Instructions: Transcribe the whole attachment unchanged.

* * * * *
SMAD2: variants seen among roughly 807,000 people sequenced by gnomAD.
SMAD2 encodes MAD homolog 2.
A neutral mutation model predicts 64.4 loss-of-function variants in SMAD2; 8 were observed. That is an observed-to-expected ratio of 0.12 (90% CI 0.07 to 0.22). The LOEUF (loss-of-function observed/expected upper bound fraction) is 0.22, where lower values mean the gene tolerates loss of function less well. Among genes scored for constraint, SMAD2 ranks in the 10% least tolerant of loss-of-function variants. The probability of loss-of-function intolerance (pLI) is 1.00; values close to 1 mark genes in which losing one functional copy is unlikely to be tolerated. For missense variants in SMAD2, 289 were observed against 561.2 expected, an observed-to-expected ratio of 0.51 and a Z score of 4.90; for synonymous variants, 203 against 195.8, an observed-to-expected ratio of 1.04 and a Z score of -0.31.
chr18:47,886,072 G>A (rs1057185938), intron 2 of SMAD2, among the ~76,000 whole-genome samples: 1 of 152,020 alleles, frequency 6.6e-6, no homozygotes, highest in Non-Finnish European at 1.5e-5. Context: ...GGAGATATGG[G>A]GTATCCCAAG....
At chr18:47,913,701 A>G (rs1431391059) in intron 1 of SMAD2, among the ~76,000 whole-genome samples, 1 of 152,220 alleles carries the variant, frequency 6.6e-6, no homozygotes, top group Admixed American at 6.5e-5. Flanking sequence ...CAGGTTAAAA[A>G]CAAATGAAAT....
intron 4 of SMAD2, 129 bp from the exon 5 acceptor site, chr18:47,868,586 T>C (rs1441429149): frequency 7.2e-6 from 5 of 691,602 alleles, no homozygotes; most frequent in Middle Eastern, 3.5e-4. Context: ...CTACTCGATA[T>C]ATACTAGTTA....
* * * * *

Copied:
SMAD2: variants seen among roughly 807,000 people sequenced by gnomAD.
SMAD2 encodes MAD homolog 2.
A neutral mutation model predicts 64.4 loss-of-function variants in SMAD2; 8 were observed. That is an observed-to-expected ratio of 0.12 (90% CI 0.07 to 0.22). The LOEUF (loss-of-function observed/expected upper bound fraction) is 0.22, where lower values mean the gene tolerates loss of function less well. Among genes scored for constraint, SMAD2 ranks in the 10% least tolerant of loss-of-function variants. The probability of loss-of-function intolerance (pLI) is 1.00; values close to 1 mark genes in which losing one functional copy is unlikely to be tolerated. For missense variants in SMAD2, 289 were observed against 561.2 expected, an observed-to-expected ratio of 0.51 and a Z score of 4.90; for synonymous variants, 203 against 195.8, an observed-to-expected ratio of 1.04 and a Z score of -0.31.
chr18:47,886,072 G>A (rs1057185938), intron 2 of SMAD2, among the ~76,000 whole-genome samples: 1 of 152,020 alleles, frequency 6.6e-6, no homozygotes, highest in Non-Finnish European at 1.5e-5. Context: ...GGAGATATGG[G>A]GTATCCCAAG....
At chr18:47,913,701 A>G (rs1431391059) in intron 1 of SMAD2, among the ~76,000 whole-genome samples, 1 of 152,220 alleles carries the variant, frequency 6.6e-6, no homozygotes, top group Admixed American at 6.5e-5. Flanking sequence ...CAGGTTAAAA[A>G]CAAATGAAAT....
intron 4 of SMAD2, 129 bp from the exon 5 acceptor site, chr18:47,868,586 T>C (rs1441429149): frequency 7.2e-6 from 5 of 691,602 alleles, no homozygotes; most frequent in Middle Eastern, 3.5e-4. Context: ...CTACTCGATA[T>C]ATACTAGTTA....